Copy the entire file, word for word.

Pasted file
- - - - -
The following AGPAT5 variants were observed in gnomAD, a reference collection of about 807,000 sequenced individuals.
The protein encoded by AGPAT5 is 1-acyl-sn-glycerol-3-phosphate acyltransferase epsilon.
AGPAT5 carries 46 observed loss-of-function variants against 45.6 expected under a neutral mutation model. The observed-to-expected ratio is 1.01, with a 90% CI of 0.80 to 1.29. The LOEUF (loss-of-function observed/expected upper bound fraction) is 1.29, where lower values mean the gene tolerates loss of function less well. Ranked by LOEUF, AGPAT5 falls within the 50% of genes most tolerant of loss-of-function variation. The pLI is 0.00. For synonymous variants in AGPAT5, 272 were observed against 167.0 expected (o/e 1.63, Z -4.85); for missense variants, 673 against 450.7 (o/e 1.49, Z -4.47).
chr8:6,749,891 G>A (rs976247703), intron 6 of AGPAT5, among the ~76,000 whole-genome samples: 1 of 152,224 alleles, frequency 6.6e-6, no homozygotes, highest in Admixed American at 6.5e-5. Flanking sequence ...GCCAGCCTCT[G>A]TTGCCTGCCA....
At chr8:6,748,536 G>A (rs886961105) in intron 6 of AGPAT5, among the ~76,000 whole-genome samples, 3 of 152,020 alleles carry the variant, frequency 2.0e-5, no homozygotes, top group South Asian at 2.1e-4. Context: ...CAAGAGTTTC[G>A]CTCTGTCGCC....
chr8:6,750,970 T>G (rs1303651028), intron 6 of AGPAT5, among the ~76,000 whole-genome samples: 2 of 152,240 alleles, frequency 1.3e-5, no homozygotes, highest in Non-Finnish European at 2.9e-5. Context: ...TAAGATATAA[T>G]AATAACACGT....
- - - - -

The following AGPAT5 variants were observed in gnomAD, a reference collection of about 807,000 sequenced individuals.
The protein encoded by AGPAT5 is 1-acyl-sn-glycerol-3-phosphate acyltransferase epsilon.
AGPAT5 carries 46 observed loss-of-function variants against 45.6 expected under a neutral mutation model. The observed-to-expected ratio is 1.01, with a 90% CI of 0.80 to 1.29. The LOEUF (loss-of-function observed/expected upper bound fraction) is 1.29, where lower values mean the gene tolerates loss of function less well. Ranked by LOEUF, AGPAT5 falls within the 50% of genes most tolerant of loss-of-function variation. The pLI is 0.00. For synonymous variants in AGPAT5, 272 were observed against 167.0 expected (o/e 1.63, Z -4.85); for missense variants, 673 against 450.7 (o/e 1.49, Z -4.47).
chr8:6,749,891 G>A (rs976247703), intron 6 of AGPAT5, among the ~76,000 whole-genome samples: 1 of 152,224 alleles, frequency 6.6e-6, no homozygotes, highest in Admixed American at 6.5e-5. Flanking sequence ...GCCAGCCTCT[G>A]TTGCCTGCCA....
At chr8:6,748,536 G>A (rs886961105) in intron 6 of AGPAT5, among the ~76,000 whole-genome samples, 3 of 152,020 alleles carry the variant, frequency 2.0e-5, no homozygotes, top group South Asian at 2.1e-4. Context: ...CAAGAGTTTC[G>A]CTCTGTCGCC....
chr8:6,750,970 T>G (rs1303651028), intron 6 of AGPAT5, among the ~76,000 whole-genome samples: 2 of 152,240 alleles, frequency 1.3e-5, no homozygotes, highest in Non-Finnish European at 2.9e-5. Context: ...TAAGATATAA[T>G]AATAACACGT....